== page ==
Image Credit: Emily R. Condon for The Campus Trainer
When students look at reasons to choose a college, diversity may not be at the top of their lists. But, at the University of Maryland, diversity initiatives are being developed as the spring 2022 semester moves forward. The US News Campus Ethnic Diversity ratings found UMD ranked 79 out of all national universities.
On US News’ diversity index, UMD was given a 0.66, on a scale from 0 to 1, where larger numbers indicate more diversity.
Evan Oberthaler, a senior public policy major, said he is aware of various university diversity initiatives.
“I think that the courses added in 2020 as a part of our core curriculum are a great addition to our education, though they didn’t pertain to me because of my class status. I also know of the LGBTQIA+ equity center and the resources available to the community,” Oberthaler said.
According to the Office of Diversity and Inclusion website, 13 out of the 15 colleges and schools on campus have diversity officer positions filled. The most recent hire is Aaron Guillermo Vogel, the Diversity and Inclusion Program Coordinator for the journalism school.
Leslie Castro, a junior early childhood special education major, finds that although the university is very diverse, the Latinx community is not well represented on campus. According to STAMP Student Resources, there are 17 Latinx student organizations. Some of these include the Coalition of Latino Student Organizations, Gamma Phi Sigma “Hermanos Unidos” Fraternity, Inc. and the University of Maryland Latina/o Alumni Network (LAN).
“The only thing you could say bothers me is that the Latinx community here is very small, so it’s hard to meet people that relate to me on that aspect,” Castro said.
Castro is not the first member of the Latinx community to make such claims. Conversations on a new Latinx student center have been increasing since 2021.
Allison Dickinson, communications officer for the Office of Diversity and Inclusion, shared that some of the initiatives at the university include TerrapinSTRONG onboarding, the English department’s Antiracism: Communities + Collaboration series and the Bowie State-UMD Social Justice Alliance. Yet, some of these initiatives are largely unknown, according to Dickinson.
“Many people at UMD still don't know about our Bias Incident Support Services (BISS) unit and the work they do to support community members who have been impacted by hate,” Dickinson said.
The new Agora center will be a gathering place for members of the Multicultural Greek Council and National Pan-Hellenic Council groups. The building will be taking over the former Alpha Epsilon Pi house at 4 Fraternity Row.
Brenda Merino, a sophomore economics major, said she is excited for the Agora to bring together organizations of the MGC and NPHC. Merino is the VP of Accountability for MGC and Chapter President of the Upsilon Chapter of Lambda Theta Alpha Latin Sorority, Inc.
“Our organizations are typically much smaller compared to PHA and IFC organizations. We usually do not have the resources like them to be able to have a house of our own,” Merino said.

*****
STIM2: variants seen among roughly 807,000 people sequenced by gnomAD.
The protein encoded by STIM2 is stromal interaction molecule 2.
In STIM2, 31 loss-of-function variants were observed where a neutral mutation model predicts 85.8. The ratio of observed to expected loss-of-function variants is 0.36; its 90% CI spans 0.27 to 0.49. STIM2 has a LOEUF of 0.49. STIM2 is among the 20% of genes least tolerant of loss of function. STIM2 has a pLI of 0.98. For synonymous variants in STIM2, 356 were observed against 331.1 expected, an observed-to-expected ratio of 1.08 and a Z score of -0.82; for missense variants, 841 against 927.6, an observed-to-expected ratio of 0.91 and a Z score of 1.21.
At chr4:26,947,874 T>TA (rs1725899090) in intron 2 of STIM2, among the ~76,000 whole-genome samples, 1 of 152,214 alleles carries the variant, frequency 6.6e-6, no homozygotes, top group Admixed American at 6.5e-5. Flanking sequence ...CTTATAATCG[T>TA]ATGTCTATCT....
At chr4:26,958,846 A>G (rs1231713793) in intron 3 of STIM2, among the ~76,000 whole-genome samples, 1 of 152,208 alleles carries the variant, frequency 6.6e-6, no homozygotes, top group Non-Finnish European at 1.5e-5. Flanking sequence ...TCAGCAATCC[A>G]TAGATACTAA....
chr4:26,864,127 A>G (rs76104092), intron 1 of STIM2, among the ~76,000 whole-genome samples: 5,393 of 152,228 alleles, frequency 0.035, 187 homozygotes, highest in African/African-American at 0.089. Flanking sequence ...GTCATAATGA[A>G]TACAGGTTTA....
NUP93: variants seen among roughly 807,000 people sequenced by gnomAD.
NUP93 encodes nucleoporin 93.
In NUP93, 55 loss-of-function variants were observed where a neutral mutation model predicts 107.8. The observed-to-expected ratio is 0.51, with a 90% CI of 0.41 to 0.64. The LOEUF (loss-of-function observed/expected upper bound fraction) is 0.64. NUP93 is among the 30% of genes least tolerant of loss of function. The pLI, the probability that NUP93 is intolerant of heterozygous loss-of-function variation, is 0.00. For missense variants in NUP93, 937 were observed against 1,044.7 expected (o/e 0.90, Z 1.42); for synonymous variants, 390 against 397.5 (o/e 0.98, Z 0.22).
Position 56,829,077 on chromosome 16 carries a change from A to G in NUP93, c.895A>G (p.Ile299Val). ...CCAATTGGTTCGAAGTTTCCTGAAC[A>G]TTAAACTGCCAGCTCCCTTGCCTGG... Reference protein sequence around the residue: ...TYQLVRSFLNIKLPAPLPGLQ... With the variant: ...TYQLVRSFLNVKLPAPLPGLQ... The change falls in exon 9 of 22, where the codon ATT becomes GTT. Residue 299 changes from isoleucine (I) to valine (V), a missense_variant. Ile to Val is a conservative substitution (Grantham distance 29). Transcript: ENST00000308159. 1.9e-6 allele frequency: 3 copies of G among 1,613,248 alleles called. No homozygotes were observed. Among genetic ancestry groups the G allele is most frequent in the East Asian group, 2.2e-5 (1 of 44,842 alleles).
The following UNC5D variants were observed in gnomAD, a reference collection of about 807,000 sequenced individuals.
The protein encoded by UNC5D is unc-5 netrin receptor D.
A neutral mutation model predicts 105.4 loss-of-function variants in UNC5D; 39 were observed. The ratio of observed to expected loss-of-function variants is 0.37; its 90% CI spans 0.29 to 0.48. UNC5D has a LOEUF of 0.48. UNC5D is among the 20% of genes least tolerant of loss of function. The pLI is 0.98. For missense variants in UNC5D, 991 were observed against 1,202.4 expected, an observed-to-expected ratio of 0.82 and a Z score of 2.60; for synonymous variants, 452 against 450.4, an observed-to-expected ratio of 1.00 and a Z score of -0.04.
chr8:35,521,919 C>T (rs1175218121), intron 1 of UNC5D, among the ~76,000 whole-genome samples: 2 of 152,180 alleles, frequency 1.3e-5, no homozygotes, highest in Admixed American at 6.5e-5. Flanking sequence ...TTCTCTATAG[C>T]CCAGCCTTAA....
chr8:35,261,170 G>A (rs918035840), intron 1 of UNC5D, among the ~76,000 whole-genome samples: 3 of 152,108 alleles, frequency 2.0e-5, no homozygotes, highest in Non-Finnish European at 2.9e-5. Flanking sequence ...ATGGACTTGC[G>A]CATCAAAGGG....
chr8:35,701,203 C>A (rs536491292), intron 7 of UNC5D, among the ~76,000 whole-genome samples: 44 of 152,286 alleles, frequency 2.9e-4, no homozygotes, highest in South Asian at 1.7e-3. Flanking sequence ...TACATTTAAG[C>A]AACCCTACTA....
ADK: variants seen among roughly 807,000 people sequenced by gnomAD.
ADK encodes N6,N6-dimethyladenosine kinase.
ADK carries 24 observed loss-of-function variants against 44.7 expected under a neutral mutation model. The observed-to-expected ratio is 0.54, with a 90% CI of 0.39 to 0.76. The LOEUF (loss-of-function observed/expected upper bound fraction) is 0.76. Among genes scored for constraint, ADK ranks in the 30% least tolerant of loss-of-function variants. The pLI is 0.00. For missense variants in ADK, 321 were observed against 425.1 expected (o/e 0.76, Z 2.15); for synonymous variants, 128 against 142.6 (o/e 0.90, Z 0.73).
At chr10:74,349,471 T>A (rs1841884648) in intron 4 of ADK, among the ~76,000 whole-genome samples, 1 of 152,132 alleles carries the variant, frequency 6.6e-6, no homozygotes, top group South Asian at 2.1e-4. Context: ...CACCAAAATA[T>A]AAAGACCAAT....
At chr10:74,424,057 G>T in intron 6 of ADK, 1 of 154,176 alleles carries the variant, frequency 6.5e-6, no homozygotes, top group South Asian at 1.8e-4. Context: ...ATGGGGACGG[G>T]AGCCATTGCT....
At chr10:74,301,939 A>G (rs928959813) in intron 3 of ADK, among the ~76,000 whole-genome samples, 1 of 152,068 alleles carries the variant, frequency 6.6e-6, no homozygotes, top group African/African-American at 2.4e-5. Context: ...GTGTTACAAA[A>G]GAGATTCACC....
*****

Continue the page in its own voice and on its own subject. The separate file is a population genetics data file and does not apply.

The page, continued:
Merino said the Agora will have offices, conference rooms, stroll practice rooms and lounge areas. This was confirmed at a meeting last semester, where members of both Greek councils gave input on what they would like to see in the new house.
Beyond the Greek life community, though, diverse students weighed in on the state of campus diversity.
Tyani Bennett, a sophomore finance and supply chain major, said she is unaware of any specific diversity initiatives. However, she feels there is an “overwhelming” amount of white people on campus. According to College Factual, UMD is nearly 50% white.
Bennett receives many emails inviting her to participate in events for minority groups which she identifies with. Some of these events are for groups such as the Black Student Union, African Student Association and the “Divine Nine,” or the NPHC.
“Whether it is for the Black and Latinx communities, or just the Black community or women or anything of that nature or just minorities, I get invited to events where I guess the category applies to me,” Bennett said.
Dagmawi Abebe, a junior mechanical engineering major, said that as a RA, tutor for the Office of Multi-ethnic Student Education and RecWell employee, he has seen first hand how departments on campus are committed to advancing racial and gender identity diversity.
Still, Abebe finds that diversity at UMD tends to focus on physical characteristics, and underemphasizes ideological and political diversity. However, he recognizes the importance of making minority groups based on race and gender feel welcome.
“I think there is no shortage of diversity initiatives on campus as it relates to outward characteristics, but [there is] a severe lack of ideological diversity and a lack of spaces for those who may differ in that aspect to have a voice,” he said.
Through involvement with the Ethiopian-Eritrean Student Association as public relations chair, Abebe has found a place for his ideas on campus. In this group, a voice for different opinions and ethnic groups is offered, as well as discussions on issues pertaining to those countries.
“I think this experience has been one of the true highlights of my college experience and the source for most of my social interactions and networking. I think we give students a place to meet those with similar cultural backgrounds, and I can attest to the fact that we’ve helped create many lasting relationships among underclassmen and upperclassmen alike,” Abebe said.